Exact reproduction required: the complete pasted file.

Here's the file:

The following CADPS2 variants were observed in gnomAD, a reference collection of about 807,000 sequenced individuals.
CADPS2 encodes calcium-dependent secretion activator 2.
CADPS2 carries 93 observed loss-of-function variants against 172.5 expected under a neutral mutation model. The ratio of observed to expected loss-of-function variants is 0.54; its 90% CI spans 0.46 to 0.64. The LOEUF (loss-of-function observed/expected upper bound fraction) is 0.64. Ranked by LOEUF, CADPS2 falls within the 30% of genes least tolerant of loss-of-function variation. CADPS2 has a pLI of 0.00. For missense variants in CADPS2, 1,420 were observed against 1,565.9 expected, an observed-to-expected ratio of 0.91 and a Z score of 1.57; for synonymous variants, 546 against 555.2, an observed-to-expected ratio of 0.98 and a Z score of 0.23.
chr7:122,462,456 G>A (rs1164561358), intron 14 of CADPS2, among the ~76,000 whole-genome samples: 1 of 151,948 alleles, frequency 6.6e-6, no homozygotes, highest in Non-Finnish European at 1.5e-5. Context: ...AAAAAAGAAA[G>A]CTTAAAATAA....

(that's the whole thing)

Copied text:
The following CADPS2 variants were observed in gnomAD, a reference collection of about 807,000 sequenced individuals.
CADPS2 encodes calcium-dependent secretion activator 2.
CADPS2 carries 93 observed loss-of-function variants against 172.5 expected under a neutral mutation model. The ratio of observed to expected loss-of-function variants is 0.54; its 90% CI spans 0.46 to 0.64. The LOEUF (loss-of-function observed/expected upper bound fraction) is 0.64. Ranked by LOEUF, CADPS2 falls within the 30% of genes least tolerant of loss-of-function variation. CADPS2 has a pLI of 0.00. For missense variants in CADPS2, 1,420 were observed against 1,565.9 expected, an observed-to-expected ratio of 0.91 and a Z score of 1.57; for synonymous variants, 546 against 555.2, an observed-to-expected ratio of 0.98 and a Z score of 0.23.
chr7:122,462,456 G>A (rs1164561358), intron 14 of CADPS2, among the ~76,000 whole-genome samples: 1 of 151,948 alleles, frequency 6.6e-6, no homozygotes, highest in Non-Finnish European at 1.5e-5. Context: ...AAAAAAGAAA[G>A]CTTAAAATAA....